Books and Printing and Mormons. Part 2.

Type is a character you put on a page via a sort. A sort is a piece of lead you can use to put a type character on a page by inking it first and then pressing it onto the page. See part 1 for the meaning of page. “Type” gets used as a modifier in all sorts of ways (ok that was a bad one). Like, type setter, designer, cutter, or type foundry.

A font is a set of characters one can emboss on pieces of lead, say, to create “typeface.” The term font has changed somewhat over the years, especially since computers became a part of the printing industry. In the old days, a font included upper and lower case letters, punctuation symbols, perhaps small cap letters, numbers, and ligatures plus some special symbols like currency symbols and so on. A ligature is a combination of letters that form a single piece of type, like æ or Œ. Several related fonts maybe grouped in a single family, such as italic and standard fonts.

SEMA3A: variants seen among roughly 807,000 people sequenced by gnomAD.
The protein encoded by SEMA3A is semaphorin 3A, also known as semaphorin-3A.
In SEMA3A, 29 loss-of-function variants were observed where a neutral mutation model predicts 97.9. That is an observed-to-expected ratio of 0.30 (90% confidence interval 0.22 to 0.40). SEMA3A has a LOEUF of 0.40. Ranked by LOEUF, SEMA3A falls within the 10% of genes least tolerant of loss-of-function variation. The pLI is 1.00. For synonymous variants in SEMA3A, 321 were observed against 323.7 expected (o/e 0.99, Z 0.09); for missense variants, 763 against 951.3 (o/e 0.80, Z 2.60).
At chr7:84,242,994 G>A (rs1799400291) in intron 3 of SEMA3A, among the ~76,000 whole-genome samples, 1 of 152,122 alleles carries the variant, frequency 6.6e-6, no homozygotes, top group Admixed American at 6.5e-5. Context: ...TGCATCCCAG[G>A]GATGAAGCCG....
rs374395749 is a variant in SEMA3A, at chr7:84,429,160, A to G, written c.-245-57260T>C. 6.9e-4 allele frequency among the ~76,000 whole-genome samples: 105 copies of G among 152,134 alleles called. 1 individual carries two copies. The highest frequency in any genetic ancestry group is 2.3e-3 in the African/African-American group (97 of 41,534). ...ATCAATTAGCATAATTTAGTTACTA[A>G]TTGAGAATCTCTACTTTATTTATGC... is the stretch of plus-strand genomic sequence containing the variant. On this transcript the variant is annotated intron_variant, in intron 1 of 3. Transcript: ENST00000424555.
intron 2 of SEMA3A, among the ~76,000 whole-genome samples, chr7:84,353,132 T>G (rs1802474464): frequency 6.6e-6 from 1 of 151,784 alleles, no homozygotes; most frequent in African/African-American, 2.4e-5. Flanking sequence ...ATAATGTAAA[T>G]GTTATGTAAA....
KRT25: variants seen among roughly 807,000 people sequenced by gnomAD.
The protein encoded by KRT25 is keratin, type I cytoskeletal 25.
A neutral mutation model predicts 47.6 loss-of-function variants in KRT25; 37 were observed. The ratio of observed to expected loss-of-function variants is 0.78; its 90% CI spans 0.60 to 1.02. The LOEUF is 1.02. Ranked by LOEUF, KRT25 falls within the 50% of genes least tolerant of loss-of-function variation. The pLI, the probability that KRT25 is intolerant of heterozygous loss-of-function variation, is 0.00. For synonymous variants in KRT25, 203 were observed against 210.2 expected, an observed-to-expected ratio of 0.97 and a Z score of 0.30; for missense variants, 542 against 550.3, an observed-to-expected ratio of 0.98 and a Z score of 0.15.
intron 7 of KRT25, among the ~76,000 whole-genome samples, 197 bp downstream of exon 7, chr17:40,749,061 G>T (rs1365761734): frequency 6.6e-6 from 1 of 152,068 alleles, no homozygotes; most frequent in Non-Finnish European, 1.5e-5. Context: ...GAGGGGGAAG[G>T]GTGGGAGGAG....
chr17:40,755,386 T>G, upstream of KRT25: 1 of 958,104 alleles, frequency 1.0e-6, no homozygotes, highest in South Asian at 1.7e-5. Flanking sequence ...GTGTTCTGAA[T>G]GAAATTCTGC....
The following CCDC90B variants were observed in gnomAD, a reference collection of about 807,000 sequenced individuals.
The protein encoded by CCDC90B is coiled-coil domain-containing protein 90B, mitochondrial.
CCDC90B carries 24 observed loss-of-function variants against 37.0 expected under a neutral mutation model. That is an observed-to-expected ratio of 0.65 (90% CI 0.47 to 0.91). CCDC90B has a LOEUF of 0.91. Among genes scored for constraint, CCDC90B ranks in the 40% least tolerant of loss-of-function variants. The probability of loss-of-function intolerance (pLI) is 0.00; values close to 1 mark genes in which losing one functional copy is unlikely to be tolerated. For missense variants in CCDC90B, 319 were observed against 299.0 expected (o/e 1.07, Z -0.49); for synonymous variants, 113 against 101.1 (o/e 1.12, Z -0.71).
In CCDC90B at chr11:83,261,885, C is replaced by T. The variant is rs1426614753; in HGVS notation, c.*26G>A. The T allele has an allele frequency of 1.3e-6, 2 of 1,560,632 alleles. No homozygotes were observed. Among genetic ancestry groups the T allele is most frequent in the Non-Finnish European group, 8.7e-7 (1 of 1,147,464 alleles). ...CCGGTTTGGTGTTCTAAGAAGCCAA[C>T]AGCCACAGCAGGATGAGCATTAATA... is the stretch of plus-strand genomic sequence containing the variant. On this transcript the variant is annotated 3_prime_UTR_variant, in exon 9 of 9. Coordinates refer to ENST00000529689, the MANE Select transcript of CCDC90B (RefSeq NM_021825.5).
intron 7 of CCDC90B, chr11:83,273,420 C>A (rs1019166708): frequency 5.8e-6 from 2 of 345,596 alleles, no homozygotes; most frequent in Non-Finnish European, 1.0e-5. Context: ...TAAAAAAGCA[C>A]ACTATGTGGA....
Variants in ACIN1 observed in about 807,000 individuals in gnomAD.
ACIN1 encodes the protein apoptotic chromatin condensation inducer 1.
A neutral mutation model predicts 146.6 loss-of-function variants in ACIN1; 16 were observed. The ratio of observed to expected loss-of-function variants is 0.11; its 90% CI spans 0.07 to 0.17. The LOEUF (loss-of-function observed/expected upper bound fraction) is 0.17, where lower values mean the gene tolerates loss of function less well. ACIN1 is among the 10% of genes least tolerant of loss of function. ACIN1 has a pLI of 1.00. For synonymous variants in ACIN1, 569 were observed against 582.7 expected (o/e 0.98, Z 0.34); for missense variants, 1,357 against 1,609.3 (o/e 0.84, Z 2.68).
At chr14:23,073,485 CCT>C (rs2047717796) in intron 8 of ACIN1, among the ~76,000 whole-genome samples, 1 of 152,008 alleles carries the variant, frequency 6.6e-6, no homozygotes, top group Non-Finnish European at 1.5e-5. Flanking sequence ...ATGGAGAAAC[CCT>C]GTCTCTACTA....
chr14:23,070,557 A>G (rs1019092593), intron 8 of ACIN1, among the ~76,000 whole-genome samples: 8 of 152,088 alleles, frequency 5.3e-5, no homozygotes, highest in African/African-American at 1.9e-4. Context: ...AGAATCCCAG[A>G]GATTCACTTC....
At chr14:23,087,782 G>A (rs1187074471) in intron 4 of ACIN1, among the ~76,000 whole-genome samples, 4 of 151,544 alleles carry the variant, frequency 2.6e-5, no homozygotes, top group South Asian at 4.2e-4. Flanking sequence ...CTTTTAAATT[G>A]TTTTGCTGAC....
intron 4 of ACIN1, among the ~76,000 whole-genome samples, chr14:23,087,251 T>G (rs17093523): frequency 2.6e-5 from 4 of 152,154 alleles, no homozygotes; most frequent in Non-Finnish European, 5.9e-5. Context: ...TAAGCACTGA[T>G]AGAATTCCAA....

The size of a font is expressed in points (72.27 points is an inch). Different letters in a font have different sizes of course, like A and a (bold font used here). So the size usually matches the tallest letter in the font. The computer savvy among readers know about font sizes in relative terms and that a 3pt font is much smaller than a 12pt font. For many years, the point value was expressed by curious and little used terms. For example, 5pt font is named Pearl. 9pt is Bourgeois. 12pt, Pica. 14pt, English.

Next, more font stuff.

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